Technology - who cares?

Jonathan George
Jonathan George
26 May 2017
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I'm a geek. And, although it pains me to admit it, one who's firmly in the realms of middle age. I'm one of those people who will occasionally bang on about writing code on his ZX Spectrum back in the day, typing in programs from magazines and generally being ostracised in the playground.

After university, I was lucky enough to fall into a career where people pay me for doing something I'd do in my spare time anyway. I get to build software for people, and now and again I get to work on a project that almost everyone I know has heard of. It's great.

After a while building software, I came to a realisation that every developer has to deal with at some point: you can't solve all the problems with technology. Some of them need to be solved by changing underlying business processes, educating people, or some other process. This realisation ties in nicely with a question we ask a lot at earthware: Why? Why do you think you need this? Why is software the solution? Have you considered doing X, Y, or Z?

Whilst it's unusual for a software development agency to challenge the very reasons they've been brought in to a client in the first place, we have found over the years that making sure you've got a good reason for being somewhere is a pretty important first step in the sort of long term relationship we look for.

Our job is not to build software; it's to help solve our client's problems. Everyone who wants a technology solution of some sort wants it for a reason, and they are normally reasons like these...

  • Increase sales
  • Improve customer engagement
  • Identify patterns in my data
  • Streamline business processes

... to name just a few.

There's always a reason and in our line of work, 99.9% of the time that reason has nothing to do with technology. Understand that reason, and the chances of your project succeeding have increased exponentially before a single line of code is written.

And with that in mind, here's a fact:

Most of the time, the client does not care about the technology. They care about the solution.

If you ask them what's important, you will almost never hear "written in React" or "it has to use Redux". In larger organisations you might get a direction towards Microsoft or Java, in smaller ones you will be pushed towards cheaper options, but as long as it works and will still work next week, month or year, they don't care.

This is vitally important to remember.


I've worked on projects where people have spent days debating and performance testing different options for IoC containers. The reality is that if your project doesn't go well, it's not going to be because you chose the "wrong" IoC container. If you have to spend more than 5 minutes on that kind of low level decision, you're not adding value to your client.

So given all that, what's the point of this post/rant? Am I saying there's no difference between Ruby and .NET, between Angular and React, that there's no point bothering to learn anything different from that which you already know - that yesterday's approaches are as good as todays?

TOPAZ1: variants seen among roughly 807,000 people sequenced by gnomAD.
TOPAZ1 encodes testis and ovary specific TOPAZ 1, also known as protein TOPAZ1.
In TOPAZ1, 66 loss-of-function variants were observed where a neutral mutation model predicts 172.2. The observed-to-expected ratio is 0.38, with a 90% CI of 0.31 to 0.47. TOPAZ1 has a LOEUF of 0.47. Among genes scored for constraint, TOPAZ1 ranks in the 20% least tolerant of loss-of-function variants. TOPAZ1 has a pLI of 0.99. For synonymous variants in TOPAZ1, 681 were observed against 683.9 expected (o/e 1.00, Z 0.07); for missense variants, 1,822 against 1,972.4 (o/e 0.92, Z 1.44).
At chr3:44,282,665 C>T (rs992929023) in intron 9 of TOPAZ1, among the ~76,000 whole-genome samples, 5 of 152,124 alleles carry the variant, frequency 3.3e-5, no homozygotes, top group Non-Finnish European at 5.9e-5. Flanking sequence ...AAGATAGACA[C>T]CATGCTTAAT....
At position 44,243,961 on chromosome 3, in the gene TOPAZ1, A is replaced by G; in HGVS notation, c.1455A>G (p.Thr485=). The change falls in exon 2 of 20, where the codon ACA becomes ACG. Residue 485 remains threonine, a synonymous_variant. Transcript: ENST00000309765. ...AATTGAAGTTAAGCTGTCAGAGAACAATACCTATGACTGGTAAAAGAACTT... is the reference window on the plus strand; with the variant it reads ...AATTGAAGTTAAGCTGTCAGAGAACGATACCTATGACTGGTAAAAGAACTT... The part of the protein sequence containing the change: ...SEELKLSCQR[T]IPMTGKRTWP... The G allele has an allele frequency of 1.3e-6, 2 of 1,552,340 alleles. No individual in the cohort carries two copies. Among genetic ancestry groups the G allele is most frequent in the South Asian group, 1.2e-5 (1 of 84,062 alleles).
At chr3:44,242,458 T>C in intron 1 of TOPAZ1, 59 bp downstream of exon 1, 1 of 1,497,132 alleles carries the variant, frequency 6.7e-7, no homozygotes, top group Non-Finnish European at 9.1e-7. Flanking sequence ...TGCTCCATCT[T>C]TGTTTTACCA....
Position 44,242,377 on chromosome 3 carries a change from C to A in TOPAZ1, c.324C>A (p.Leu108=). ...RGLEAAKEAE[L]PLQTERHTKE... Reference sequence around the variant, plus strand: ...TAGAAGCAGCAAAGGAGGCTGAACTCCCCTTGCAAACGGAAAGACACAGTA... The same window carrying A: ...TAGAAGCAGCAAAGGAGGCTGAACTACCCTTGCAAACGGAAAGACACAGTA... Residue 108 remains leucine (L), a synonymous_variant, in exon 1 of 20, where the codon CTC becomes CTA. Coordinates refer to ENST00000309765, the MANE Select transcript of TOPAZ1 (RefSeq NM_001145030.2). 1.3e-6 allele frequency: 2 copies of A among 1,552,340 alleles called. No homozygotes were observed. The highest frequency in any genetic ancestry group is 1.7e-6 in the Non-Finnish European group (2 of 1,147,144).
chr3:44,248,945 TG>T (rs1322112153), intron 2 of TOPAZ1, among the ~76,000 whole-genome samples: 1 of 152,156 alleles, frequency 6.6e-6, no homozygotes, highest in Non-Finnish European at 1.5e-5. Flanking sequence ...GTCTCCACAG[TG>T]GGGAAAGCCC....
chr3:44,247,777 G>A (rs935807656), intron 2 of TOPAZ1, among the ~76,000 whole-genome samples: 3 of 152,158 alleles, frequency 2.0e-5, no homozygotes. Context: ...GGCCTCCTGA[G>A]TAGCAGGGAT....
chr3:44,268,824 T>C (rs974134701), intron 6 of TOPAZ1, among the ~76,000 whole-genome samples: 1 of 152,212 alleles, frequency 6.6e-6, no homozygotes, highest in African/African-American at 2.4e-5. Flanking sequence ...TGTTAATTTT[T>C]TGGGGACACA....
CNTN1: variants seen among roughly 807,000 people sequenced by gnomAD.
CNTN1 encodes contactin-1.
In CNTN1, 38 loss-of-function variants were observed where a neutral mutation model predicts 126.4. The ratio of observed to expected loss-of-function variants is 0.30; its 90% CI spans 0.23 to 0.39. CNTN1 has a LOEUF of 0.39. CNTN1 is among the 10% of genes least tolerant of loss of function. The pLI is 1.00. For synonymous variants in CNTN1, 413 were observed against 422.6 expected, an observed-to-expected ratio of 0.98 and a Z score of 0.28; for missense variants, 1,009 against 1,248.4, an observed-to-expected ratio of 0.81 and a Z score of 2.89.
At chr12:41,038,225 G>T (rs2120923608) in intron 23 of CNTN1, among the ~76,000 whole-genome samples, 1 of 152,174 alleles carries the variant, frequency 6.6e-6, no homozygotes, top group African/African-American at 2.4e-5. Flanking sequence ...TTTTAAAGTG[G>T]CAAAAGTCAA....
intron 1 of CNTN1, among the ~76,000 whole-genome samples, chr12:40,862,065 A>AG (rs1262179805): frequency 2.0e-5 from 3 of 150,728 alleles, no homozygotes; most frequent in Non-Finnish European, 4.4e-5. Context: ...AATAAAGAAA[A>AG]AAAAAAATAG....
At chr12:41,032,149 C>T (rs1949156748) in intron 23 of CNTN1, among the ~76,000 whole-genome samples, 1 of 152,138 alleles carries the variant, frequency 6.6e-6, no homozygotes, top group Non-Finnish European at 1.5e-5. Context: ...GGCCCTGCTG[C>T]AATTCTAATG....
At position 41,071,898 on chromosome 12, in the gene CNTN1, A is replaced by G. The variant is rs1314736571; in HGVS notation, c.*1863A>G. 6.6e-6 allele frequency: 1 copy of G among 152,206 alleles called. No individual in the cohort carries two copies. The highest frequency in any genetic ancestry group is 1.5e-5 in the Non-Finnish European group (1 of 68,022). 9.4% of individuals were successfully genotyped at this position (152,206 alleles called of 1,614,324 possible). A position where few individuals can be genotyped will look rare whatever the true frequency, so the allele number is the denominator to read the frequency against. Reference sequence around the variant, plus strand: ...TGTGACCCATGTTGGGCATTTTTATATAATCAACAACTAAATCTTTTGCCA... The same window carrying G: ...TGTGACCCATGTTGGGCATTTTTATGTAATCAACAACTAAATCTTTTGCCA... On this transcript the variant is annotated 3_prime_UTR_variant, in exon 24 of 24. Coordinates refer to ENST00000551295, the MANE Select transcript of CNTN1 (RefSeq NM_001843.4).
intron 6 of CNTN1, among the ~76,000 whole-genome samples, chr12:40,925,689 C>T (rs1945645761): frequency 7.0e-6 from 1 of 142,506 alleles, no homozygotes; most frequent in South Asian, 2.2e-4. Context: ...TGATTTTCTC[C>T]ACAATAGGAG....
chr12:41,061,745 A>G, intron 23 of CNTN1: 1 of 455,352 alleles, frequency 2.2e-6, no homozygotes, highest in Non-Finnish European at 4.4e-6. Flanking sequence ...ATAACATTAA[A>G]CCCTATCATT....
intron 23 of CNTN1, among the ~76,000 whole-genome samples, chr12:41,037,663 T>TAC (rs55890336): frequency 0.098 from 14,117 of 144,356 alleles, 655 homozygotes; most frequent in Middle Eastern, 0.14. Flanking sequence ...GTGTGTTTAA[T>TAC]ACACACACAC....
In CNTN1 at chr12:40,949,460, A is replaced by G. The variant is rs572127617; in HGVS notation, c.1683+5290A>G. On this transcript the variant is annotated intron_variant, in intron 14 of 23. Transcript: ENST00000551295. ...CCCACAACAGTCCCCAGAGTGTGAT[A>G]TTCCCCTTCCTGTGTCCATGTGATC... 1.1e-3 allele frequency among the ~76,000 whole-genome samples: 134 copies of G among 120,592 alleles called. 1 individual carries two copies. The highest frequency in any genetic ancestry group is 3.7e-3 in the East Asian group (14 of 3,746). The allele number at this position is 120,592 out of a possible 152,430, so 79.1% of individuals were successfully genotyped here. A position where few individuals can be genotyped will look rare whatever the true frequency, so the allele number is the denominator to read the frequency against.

Of course not. In every good developer I know, the desire to learn and improve is strong, and learning different languages and ways of doing things is important to our progression. Further to that, with new technologies can come new ways of thinking, better ways of solving the problems and making sure the solution is robust.

However, when starting a new project, the choices we make on how we build and what we do it with shouldn't just come down to "what's the latest and greatest", or "what do I want to learn today." It should always come down to "what is going to benefit the project the most". Is adopting a new framework going to deliver benefits that outweigh the cost of learning how to build more than a to-do app? If I decide to use Dart, how am I going to offset the problems that will cause when we need to support it later and our support person only knows C#?


There's also another angle to consider. As an agency, we need to make sure we stay current with technology. But this doesn't mean we need to build every project in the absolute latest cool tech - down that road lies madness (for the people who have to support all these things) and less profit (as we lose time on working our way through the challenges involved in adopting new things). It does mean adopting new technology when it makes sense to do so. It also makes sense that as a business, we adopt a core technology to work in - at earthware it's .NET. It's not that we can't do Node, Ruby or whatever else, but by choosing a core technology we have amassed an extremely high level of skill in this area and this enables us to better deliver the things our clients value.

So when would we adopt something new?

  • When it makes sense for the project - the business requirements mean that we need to use something a bit different, or would be easier to achieve if we used new or beta software.
  • When we are happy that it will be relatively low impact or easy to back out of if it doesn't work

Following these rules allows us to make good decisions on our projects - and then, when we feel like it, we can re-invest and do some really interesting stuff.

Technology decisions are, as with everything else, a balance. When making them, we always need to come back to the question "Why?" And if the answer doesn't involve any kind of benefit except to the CV of the development team, we need to challenge ourselves on whether we have made the right decision or not.

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